"location, " and if some URIs can only be used as names or only as locations. 
In other words, this depends on whether the thing (which would be the 
"resource") identified by URI is on the Web or not. This already reduces to the 
"non-information resource" and "information resource" distinction on some 
level, and so is not a return to the historical Dark Ages of the Web. Since 
they share a common syntax, it does make sense to unite URLs and URNs on a 
level as URIs, and even to use URLs as "names." The identity crisis can be 
solved pretty easily, as shown by the Web Proper Names proposal. First, a 
separate URI scheme (wpn:// or tdb://) can distinguish the use of URI as names 
for reference from URI as locations for access. To capitalise even further on 
the identity crisis, this can be distinguished without a new URI scheme by 
solving it by the use of a representationREST, by having a type of 
representation format which says that this URI is a "name" as opposed to a 
"location." In fact, one could even have a special MIME-type to distinguish 
names for things: imagine the "name" MIME-type, or the 
"application/xhtml+xml+name" type.

The Future...

However, one subject which needs more exploration is the "interpretation" of 
URIs as names. How does one tell, if a URI as a name for reference, what its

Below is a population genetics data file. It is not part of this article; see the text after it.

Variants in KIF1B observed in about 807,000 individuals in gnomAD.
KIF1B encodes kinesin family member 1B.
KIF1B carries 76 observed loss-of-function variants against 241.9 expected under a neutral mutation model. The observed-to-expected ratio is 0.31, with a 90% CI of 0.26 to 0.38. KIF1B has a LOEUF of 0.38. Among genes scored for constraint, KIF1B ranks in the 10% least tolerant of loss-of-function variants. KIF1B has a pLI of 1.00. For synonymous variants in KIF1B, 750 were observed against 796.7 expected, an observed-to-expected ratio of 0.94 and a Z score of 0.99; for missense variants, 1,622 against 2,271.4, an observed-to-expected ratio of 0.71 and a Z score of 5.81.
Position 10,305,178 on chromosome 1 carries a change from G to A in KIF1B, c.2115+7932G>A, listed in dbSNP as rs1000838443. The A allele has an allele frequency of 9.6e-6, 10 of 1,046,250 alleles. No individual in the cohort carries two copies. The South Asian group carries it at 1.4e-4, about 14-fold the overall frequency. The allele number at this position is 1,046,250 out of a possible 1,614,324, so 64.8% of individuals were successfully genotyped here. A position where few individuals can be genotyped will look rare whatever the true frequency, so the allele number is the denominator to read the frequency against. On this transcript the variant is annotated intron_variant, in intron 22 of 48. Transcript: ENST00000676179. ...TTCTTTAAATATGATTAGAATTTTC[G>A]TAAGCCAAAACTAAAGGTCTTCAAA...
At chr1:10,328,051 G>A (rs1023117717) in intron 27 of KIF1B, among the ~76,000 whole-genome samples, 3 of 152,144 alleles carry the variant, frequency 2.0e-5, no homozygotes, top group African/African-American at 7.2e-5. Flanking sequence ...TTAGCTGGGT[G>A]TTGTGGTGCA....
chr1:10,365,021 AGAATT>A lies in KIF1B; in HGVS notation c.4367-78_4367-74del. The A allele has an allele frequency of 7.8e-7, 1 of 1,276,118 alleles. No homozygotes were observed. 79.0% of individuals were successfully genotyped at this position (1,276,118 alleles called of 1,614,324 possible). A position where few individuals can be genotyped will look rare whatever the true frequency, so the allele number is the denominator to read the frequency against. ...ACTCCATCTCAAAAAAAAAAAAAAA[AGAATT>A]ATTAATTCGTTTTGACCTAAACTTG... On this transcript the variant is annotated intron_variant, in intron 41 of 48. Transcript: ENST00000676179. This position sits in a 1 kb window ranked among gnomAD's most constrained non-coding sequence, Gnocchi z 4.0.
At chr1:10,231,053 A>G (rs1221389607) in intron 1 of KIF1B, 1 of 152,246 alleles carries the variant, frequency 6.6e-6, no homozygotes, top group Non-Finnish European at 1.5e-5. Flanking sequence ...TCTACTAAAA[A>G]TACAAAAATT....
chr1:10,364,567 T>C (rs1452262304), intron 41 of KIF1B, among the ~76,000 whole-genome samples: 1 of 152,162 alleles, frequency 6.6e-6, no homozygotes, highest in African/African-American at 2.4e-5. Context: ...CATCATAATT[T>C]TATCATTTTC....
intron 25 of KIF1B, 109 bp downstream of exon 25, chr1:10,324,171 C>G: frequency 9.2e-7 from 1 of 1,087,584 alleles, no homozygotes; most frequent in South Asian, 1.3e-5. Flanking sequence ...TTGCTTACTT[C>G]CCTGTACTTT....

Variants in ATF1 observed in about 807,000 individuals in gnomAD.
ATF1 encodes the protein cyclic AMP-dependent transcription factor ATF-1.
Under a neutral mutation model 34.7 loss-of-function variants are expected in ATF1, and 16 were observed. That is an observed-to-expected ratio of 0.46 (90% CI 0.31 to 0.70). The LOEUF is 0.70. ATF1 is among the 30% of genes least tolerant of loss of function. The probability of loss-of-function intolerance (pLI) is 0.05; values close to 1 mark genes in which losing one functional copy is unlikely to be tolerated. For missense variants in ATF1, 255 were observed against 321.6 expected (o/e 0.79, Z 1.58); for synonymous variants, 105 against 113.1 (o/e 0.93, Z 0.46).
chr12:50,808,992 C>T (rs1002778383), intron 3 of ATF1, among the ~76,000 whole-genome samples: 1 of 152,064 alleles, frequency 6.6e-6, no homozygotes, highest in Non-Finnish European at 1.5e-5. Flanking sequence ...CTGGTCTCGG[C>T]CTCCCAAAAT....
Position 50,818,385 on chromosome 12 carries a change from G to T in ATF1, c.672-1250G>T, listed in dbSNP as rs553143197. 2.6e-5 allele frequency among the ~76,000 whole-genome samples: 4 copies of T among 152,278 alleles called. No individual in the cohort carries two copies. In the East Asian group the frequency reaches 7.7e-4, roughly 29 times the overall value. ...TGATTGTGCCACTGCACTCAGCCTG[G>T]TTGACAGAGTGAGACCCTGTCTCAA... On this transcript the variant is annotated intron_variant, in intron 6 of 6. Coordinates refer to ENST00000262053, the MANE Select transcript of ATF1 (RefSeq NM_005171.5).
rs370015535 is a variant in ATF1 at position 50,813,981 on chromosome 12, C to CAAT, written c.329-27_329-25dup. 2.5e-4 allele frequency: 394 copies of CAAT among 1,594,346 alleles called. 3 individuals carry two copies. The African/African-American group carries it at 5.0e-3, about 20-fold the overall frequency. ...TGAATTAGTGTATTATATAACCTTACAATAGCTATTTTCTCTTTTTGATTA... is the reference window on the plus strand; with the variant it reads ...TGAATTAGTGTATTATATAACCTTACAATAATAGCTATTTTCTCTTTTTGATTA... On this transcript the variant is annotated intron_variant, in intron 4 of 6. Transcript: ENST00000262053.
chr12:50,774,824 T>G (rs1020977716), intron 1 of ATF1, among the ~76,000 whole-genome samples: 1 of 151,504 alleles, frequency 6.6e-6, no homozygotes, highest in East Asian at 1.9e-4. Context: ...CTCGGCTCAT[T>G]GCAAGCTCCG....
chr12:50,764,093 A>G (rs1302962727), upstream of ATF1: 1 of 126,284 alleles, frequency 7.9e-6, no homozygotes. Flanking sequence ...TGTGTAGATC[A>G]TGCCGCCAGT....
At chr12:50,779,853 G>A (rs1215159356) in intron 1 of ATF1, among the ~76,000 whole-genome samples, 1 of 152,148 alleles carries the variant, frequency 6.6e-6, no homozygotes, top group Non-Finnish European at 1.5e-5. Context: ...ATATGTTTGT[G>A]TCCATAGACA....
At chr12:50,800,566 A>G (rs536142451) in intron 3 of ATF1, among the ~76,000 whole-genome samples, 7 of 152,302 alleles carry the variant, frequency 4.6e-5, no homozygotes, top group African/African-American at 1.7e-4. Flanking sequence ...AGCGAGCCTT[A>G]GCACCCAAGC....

interpretation is? All the RDF statements that apply to that URI? And if so, 
how do we get them in a decentralized system? SPARQL? URIQA? Magic? In other 
words, assuming the URI gave you machine-readable descriptions in some Semantic 
Web language readable by machines, should the use of a URI-as-a-name really 
mean that this URI refers to (or denotes) whatever is necessary to satisfy the 
Semantic Web description? The Semantic Web allows one to build a number of 
roles and assertions, and one would assume that its interpretation is those 
other Semantic Web URIs that are satisfied by these roles and assertions. 
However, the SemWeb as it stands just has URIs as Semantic Web objects 
referring as names to other URIs as Semantic Web objects, and does not fulfill 
what the Semantic Web really needs: a way to move out of the Web and to the 
wide world beyond the Web. The Web needs to be integrated more into the world, 
and there lies the true holy grail of the Semantic Web. This is not just a 
problem for the Web, but the fundamental problem that proved to be the ultimate 
bane of AI. Indeed, it's easy to just attach a model theory to any formal 
system and say "We have semantics." Yes, that's strictly true - but let's not 
forget the adjective "model-theoretic." And models of the real world can be 
wrong, and often are. The real burden of the Semantic Web will lie on the 
ability of people and machines to produce models using SemWeb languages whose 
model-theoretic interpretations are relevant to the real world, and match them 
in interesting and useful ways that allow the Web to do things that are either 
impossible or very difficult on the current Web. Can people and machines do 
this in a large, dencentralized manner? Are the SemWeb standards sufficient for 
the task? Yet, while the answer to that question is unknown, the winds seem 
Received on Tuesday, 5 April 2005 02:59:56 UTC